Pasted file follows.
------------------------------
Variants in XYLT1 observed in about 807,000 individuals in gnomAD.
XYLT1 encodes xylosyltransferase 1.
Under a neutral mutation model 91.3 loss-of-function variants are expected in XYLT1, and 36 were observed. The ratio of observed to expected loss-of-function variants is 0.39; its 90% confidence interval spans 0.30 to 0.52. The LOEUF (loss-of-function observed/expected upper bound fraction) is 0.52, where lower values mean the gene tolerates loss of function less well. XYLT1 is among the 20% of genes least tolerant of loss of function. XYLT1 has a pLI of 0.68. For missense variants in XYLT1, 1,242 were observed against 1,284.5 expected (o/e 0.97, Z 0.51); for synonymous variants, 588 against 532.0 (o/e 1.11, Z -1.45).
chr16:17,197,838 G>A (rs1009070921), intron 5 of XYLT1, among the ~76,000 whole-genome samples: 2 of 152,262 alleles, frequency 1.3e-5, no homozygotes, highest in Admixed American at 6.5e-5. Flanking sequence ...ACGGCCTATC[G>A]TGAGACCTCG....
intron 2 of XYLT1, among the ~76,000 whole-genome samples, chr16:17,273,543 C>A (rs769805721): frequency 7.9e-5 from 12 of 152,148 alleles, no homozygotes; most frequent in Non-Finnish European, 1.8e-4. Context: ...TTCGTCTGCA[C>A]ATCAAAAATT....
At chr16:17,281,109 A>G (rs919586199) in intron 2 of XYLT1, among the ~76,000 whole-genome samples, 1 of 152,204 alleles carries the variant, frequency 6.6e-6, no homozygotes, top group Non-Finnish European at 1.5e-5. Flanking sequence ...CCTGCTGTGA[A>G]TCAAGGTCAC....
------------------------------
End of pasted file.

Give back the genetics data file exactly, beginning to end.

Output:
Variants in XYLT1 observed in about 807,000 individuals in gnomAD.
XYLT1 encodes xylosyltransferase 1.
Under a neutral mutation model 91.3 loss-of-function variants are expected in XYLT1, and 36 were observed. The ratio of observed to expected loss-of-function variants is 0.39; its 90% confidence interval spans 0.30 to 0.52. The LOEUF (loss-of-function observed/expected upper bound fraction) is 0.52, where lower values mean the gene tolerates loss of function less well. XYLT1 is among the 20% of genes least tolerant of loss of function. XYLT1 has a pLI of 0.68. For missense variants in XYLT1, 1,242 were observed against 1,284.5 expected (o/e 0.97, Z 0.51); for synonymous variants, 588 against 532.0 (o/e 1.11, Z -1.45).
chr16:17,197,838 G>A (rs1009070921), intron 5 of XYLT1, among the ~76,000 whole-genome samples: 2 of 152,262 alleles, frequency 1.3e-5, no homozygotes, highest in Admixed American at 6.5e-5. Flanking sequence ...ACGGCCTATC[G>A]TGAGACCTCG....
intron 2 of XYLT1, among the ~76,000 whole-genome samples, chr16:17,273,543 C>A (rs769805721): frequency 7.9e-5 from 12 of 152,148 alleles, no homozygotes; most frequent in Non-Finnish European, 1.8e-4. Context: ...TTCGTCTGCA[C>A]ATCAAAAATT....
At chr16:17,281,109 A>G (rs919586199) in intron 2 of XYLT1, among the ~76,000 whole-genome samples, 1 of 152,204 alleles carries the variant, frequency 6.6e-6, no homozygotes, top group Non-Finnish European at 1.5e-5. Flanking sequence ...CCTGCTGTGA[A>G]TCAAGGTCAC....